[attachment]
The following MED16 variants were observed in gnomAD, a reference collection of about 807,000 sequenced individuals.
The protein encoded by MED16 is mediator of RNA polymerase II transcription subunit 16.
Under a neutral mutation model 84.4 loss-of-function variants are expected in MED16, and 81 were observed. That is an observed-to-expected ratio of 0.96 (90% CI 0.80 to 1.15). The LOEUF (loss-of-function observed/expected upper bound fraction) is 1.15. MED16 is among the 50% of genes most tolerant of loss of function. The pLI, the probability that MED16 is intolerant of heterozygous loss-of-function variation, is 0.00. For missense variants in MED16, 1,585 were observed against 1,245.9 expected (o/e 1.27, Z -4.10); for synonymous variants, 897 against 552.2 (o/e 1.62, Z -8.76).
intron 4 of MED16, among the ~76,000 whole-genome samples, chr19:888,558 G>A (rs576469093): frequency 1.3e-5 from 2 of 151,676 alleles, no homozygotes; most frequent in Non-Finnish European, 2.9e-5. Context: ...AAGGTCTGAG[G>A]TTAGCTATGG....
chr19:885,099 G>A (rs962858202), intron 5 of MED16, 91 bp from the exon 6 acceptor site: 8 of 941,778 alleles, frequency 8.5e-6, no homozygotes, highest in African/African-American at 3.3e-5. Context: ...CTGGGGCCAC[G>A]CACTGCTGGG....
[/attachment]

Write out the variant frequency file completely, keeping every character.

The following MED16 variants were observed in gnomAD, a reference collection of about 807,000 sequenced individuals.
The protein encoded by MED16 is mediator of RNA polymerase II transcription subunit 16.
Under a neutral mutation model 84.4 loss-of-function variants are expected in MED16, and 81 were observed. That is an observed-to-expected ratio of 0.96 (90% CI 0.80 to 1.15). The LOEUF (loss-of-function observed/expected upper bound fraction) is 1.15. MED16 is among the 50% of genes most tolerant of loss of function. The pLI, the probability that MED16 is intolerant of heterozygous loss-of-function variation, is 0.00. For missense variants in MED16, 1,585 were observed against 1,245.9 expected (o/e 1.27, Z -4.10); for synonymous variants, 897 against 552.2 (o/e 1.62, Z -8.76).
intron 4 of MED16, among the ~76,000 whole-genome samples, chr19:888,558 G>A (rs576469093): frequency 1.3e-5 from 2 of 151,676 alleles, no homozygotes; most frequent in Non-Finnish European, 2.9e-5. Context: ...AAGGTCTGAG[G>A]TTAGCTATGG....
chr19:885,099 G>A (rs962858202), intron 5 of MED16, 91 bp from the exon 6 acceptor site: 8 of 941,778 alleles, frequency 8.5e-6, no homozygotes, highest in African/African-American at 3.3e-5. Context: ...CTGGGGCCAC[G>A]CACTGCTGGG....